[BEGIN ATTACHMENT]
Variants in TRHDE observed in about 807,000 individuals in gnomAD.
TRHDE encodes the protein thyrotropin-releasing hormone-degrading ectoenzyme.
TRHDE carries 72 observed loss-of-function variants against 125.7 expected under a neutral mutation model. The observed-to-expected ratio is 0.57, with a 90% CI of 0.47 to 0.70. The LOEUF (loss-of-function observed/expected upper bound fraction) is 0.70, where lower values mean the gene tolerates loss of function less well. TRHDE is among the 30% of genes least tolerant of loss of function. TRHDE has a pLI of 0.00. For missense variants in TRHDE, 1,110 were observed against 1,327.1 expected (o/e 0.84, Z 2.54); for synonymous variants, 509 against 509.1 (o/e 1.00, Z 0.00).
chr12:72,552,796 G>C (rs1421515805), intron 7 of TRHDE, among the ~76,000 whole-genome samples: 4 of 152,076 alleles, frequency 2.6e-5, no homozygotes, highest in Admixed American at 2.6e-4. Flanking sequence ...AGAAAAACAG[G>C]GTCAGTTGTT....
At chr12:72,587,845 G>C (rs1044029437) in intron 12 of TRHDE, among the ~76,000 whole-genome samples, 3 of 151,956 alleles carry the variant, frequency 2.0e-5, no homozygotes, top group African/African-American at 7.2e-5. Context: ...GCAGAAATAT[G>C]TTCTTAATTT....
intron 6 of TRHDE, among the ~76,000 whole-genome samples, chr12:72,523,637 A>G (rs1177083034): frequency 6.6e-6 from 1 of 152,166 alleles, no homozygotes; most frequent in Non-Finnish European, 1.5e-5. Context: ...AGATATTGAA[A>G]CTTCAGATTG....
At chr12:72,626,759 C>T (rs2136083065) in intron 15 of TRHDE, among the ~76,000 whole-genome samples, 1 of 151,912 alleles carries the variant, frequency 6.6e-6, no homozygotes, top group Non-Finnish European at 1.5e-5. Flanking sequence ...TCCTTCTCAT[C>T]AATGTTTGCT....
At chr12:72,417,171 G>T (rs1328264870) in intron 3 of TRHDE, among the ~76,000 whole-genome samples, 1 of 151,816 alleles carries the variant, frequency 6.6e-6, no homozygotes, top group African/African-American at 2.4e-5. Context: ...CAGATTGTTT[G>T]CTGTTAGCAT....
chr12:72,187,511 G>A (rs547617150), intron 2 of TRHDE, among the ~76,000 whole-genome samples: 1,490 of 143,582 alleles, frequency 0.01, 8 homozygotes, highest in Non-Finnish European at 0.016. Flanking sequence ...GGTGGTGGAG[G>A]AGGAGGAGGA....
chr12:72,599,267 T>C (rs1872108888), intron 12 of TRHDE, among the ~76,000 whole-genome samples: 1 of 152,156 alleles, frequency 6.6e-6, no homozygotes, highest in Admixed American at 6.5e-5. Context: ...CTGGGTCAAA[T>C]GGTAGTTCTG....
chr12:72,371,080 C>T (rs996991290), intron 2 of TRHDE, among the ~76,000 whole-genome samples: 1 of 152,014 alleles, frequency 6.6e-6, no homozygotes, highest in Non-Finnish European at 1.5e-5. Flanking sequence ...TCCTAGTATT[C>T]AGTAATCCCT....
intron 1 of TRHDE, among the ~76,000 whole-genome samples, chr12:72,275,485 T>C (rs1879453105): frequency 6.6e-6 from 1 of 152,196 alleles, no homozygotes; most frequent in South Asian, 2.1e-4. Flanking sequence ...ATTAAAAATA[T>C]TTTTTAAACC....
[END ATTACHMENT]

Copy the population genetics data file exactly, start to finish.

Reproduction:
Variants in TRHDE observed in about 807,000 individuals in gnomAD.
TRHDE encodes the protein thyrotropin-releasing hormone-degrading ectoenzyme.
TRHDE carries 72 observed loss-of-function variants against 125.7 expected under a neutral mutation model. The observed-to-expected ratio is 0.57, with a 90% CI of 0.47 to 0.70. The LOEUF (loss-of-function observed/expected upper bound fraction) is 0.70, where lower values mean the gene tolerates loss of function less well. TRHDE is among the 30% of genes least tolerant of loss of function. TRHDE has a pLI of 0.00. For missense variants in TRHDE, 1,110 were observed against 1,327.1 expected (o/e 0.84, Z 2.54); for synonymous variants, 509 against 509.1 (o/e 1.00, Z 0.00).
chr12:72,552,796 G>C (rs1421515805), intron 7 of TRHDE, among the ~76,000 whole-genome samples: 4 of 152,076 alleles, frequency 2.6e-5, no homozygotes, highest in Admixed American at 2.6e-4. Flanking sequence ...AGAAAAACAG[G>C]GTCAGTTGTT....
At chr12:72,587,845 G>C (rs1044029437) in intron 12 of TRHDE, among the ~76,000 whole-genome samples, 3 of 151,956 alleles carry the variant, frequency 2.0e-5, no homozygotes, top group African/African-American at 7.2e-5. Context: ...GCAGAAATAT[G>C]TTCTTAATTT....
intron 6 of TRHDE, among the ~76,000 whole-genome samples, chr12:72,523,637 A>G (rs1177083034): frequency 6.6e-6 from 1 of 152,166 alleles, no homozygotes; most frequent in Non-Finnish European, 1.5e-5. Context: ...AGATATTGAA[A>G]CTTCAGATTG....
At chr12:72,626,759 C>T (rs2136083065) in intron 15 of TRHDE, among the ~76,000 whole-genome samples, 1 of 151,912 alleles carries the variant, frequency 6.6e-6, no homozygotes, top group Non-Finnish European at 1.5e-5. Flanking sequence ...TCCTTCTCAT[C>T]AATGTTTGCT....
At chr12:72,417,171 G>T (rs1328264870) in intron 3 of TRHDE, among the ~76,000 whole-genome samples, 1 of 151,816 alleles carries the variant, frequency 6.6e-6, no homozygotes, top group African/African-American at 2.4e-5. Context: ...CAGATTGTTT[G>T]CTGTTAGCAT....
chr12:72,187,511 G>A (rs547617150), intron 2 of TRHDE, among the ~76,000 whole-genome samples: 1,490 of 143,582 alleles, frequency 0.01, 8 homozygotes, highest in Non-Finnish European at 0.016. Flanking sequence ...GGTGGTGGAG[G>A]AGGAGGAGGA....
chr12:72,599,267 T>C (rs1872108888), intron 12 of TRHDE, among the ~76,000 whole-genome samples: 1 of 152,156 alleles, frequency 6.6e-6, no homozygotes, highest in Admixed American at 6.5e-5. Context: ...CTGGGTCAAA[T>C]GGTAGTTCTG....
chr12:72,371,080 C>T (rs996991290), intron 2 of TRHDE, among the ~76,000 whole-genome samples: 1 of 152,014 alleles, frequency 6.6e-6, no homozygotes, highest in Non-Finnish European at 1.5e-5. Flanking sequence ...TCCTAGTATT[C>T]AGTAATCCCT....
intron 1 of TRHDE, among the ~76,000 whole-genome samples, chr12:72,275,485 T>C (rs1879453105): frequency 6.6e-6 from 1 of 152,196 alleles, no homozygotes; most frequent in South Asian, 2.1e-4. Flanking sequence ...ATTAAAAATA[T>C]TTTTTAAACC....